Benefit Time Again

The following is a staff writer post from MikeS.  He is a married father of 2.  So, with the cat, he ranks number 5 in the house.  He loves numbers and helping people. Please leave any questions or comments below for either Mike or Crystal.

It’s time for the annual benefit open-enrollment.  This used to cause me stress because I knew costs would go up and I’d have to figure out how to fit that into my tight budget.  Years ago, a $20 or $30 a month increase in my benefit costs was too much.  Thankfully, it has become a non-event.  My costs still went up, so I just have to shift some things around to keep the budget balanced.

My Selections

There were no actual changes to what I selected last year.  I kept all of the same plans and coverage limits.  For the family, we are on the highest deductible health plan.  The deductible for an individual is $3,500 and then $7,000 for the whole family.  In the 3 or 4 years that we have been on this particular plan, we thankfully have never met the deductible.  Even if we had to meet the deductible now, I have been able to save about $5,500 in my HSA.

In addition to that, we save the maximum allowable about every year.  So, if a big medical bill came up, we’re more than prepared to handle it.  The dental plan that I’ve selected is just the basic coverage.  If any of us actually have any cavities, the plan doesn’t pay as much, but I pay less in premium as a result.

We have been fairly fortunate the last few years, as the kids teeth seem to take after my wife’s.  She has had, I think, 1 cavity in her lifetime, and that’s when she was pregnant.  Over the last 5 or 6 years, I have really been taking care of my teeth, so my problems of the past seem to be behind us.  My dentist has informed me that most of my fillings will have to be replaced someday, as they weren’t intended to be permanent, but I’ll cross that bridge when I come to it.  We have vision coverage for the wife and me, along with long-term disability for me.  I also have a long-term disability policy outside of work.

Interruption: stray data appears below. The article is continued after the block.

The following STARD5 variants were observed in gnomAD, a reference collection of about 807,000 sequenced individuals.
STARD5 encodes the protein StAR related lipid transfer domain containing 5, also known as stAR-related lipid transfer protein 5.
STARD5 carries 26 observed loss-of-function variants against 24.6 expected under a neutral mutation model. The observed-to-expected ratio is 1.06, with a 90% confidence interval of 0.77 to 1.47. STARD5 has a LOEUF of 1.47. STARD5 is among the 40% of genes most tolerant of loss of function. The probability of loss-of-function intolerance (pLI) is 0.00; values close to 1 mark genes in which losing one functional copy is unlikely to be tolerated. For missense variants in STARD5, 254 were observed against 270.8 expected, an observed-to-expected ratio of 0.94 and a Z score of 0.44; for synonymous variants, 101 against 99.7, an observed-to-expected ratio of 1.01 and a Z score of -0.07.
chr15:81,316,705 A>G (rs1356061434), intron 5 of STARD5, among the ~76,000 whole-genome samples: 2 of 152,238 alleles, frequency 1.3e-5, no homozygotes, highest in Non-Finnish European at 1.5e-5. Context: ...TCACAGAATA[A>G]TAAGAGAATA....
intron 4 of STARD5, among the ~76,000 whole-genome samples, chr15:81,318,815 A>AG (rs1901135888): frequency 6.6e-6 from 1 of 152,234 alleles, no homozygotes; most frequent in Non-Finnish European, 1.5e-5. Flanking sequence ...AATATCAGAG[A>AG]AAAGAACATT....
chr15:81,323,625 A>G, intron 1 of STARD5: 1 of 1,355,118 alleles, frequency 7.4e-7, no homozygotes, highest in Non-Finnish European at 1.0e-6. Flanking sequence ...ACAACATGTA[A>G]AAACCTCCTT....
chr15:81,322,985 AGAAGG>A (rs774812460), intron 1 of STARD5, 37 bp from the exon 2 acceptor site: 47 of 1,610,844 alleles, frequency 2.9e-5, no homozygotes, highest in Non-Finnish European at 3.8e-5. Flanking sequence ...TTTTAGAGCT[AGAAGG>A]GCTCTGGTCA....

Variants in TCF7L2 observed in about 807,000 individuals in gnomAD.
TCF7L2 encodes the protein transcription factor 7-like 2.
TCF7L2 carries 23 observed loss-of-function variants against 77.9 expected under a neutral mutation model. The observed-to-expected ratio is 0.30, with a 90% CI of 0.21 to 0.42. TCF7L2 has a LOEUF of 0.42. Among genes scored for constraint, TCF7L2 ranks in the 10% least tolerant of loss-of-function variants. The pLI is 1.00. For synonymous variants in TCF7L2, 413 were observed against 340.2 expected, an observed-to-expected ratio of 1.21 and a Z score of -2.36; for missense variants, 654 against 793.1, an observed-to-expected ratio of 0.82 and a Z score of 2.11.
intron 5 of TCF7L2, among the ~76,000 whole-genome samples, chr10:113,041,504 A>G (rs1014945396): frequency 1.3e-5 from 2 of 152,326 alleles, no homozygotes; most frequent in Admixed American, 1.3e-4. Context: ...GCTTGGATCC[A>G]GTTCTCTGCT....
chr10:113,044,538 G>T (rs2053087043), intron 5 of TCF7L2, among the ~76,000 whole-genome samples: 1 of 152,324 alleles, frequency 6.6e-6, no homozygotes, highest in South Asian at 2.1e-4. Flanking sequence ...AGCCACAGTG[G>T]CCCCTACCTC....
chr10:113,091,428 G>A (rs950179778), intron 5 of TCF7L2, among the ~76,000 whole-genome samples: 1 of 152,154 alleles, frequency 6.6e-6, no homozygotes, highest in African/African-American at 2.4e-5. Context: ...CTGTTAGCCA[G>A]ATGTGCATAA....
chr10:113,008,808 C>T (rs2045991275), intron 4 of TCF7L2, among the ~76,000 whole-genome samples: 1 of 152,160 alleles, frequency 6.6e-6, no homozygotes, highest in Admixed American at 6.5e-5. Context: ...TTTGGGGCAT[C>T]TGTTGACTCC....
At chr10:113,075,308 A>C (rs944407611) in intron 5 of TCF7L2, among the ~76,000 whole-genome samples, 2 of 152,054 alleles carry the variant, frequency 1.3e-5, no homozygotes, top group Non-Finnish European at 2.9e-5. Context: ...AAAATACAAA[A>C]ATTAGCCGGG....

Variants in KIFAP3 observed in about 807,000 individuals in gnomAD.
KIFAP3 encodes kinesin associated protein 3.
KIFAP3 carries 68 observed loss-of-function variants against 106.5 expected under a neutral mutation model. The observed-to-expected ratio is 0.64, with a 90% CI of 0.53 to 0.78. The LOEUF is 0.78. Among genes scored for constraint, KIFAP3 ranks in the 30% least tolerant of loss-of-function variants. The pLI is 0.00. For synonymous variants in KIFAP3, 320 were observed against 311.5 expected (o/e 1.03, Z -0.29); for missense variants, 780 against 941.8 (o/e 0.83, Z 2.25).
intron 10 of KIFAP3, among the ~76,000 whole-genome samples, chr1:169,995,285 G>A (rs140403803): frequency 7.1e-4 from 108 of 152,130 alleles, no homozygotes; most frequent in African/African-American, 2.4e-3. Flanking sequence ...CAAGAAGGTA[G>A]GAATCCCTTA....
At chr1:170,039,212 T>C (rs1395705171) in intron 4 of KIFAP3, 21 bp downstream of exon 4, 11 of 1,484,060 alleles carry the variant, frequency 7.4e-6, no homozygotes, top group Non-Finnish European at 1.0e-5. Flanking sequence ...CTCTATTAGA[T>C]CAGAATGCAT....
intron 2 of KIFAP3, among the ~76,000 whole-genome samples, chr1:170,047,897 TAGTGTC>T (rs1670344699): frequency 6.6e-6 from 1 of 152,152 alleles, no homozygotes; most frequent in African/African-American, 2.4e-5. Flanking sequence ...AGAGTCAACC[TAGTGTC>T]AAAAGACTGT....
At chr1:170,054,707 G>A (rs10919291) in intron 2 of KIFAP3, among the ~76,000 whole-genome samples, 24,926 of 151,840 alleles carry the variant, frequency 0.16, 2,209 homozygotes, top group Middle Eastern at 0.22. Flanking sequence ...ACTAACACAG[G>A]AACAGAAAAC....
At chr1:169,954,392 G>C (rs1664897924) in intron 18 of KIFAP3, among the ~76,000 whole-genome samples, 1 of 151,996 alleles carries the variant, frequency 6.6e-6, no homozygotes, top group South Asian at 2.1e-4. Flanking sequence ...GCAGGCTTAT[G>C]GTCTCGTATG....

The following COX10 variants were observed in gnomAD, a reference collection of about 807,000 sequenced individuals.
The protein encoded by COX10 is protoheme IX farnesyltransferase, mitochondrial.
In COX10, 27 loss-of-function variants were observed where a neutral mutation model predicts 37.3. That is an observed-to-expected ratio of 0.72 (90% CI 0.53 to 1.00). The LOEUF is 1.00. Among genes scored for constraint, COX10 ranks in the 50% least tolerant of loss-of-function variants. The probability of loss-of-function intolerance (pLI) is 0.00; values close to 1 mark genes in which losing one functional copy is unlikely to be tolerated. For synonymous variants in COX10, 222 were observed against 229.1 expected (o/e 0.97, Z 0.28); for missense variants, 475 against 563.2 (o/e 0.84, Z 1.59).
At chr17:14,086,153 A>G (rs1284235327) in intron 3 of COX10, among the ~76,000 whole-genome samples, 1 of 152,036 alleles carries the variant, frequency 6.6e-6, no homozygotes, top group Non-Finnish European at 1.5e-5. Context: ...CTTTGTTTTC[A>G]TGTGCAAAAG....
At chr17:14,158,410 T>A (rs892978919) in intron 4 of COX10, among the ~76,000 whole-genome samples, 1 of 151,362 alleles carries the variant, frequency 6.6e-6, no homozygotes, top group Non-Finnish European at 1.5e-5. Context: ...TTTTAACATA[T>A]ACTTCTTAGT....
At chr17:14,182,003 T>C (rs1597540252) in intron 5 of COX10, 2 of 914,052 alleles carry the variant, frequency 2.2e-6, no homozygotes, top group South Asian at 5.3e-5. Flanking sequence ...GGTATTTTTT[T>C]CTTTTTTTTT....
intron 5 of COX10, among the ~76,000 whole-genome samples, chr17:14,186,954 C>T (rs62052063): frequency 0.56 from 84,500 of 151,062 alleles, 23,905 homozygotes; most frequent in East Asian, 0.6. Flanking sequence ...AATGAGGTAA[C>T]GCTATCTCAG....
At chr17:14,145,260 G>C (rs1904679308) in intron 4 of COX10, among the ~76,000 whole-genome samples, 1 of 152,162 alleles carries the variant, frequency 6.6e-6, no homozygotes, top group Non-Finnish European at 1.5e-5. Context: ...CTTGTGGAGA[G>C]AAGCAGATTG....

Cost Changes

In general, the changes weren’t that bad.  The company held the health insurance costs steady for the first time in a long time.  My costs still went up though.  Since our premiums are tiered based on salary, my raise last year that pushed me into the next tier for health insurance costs, thus I have to pay more this year.  Again, it wasn’t a huge increase, only about $24 a month.

The contribution limit increased for the healthcare savings account.  It went from $6,750 for a family, up to $6,900.  So naturally, I increased my contribution to the maximum.  That meant an increase of $12 a month.  The other coverages went up a combined $3 a month.  In total, my costs increased about $39 a month.

Offsets

Since my salary won’t change until April, where might I be able to cover the increased cost?  The bulk of it will come from my allowance.  I’m going to drop my allowance $25 a month.  That will cover most of it, and the balance will come from the wife’s income.  Over the last few months, I have been building up my own savings from excess allowance, so I shouldn’t really feel the decrease.  I didn’t want to adjust any of the other monthly savings that we have going on, so a slight reduction to my allowance seemed the better option.  If I receive a raise in April and I find that the decreased allowance is too much, I can always revisit it.

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2 thoughts on “Benefit Time Again

  1. Hello Mike

    Great Idea funding the Health Savings Account. Hopefully, the new tax plan will have reduce You taxes some and help offset the raise in insurance premiums.

    • Thanks Michael. Fingers crossed that the taxes go down some. From what I can tell, they aren’t going up at least. 🙂

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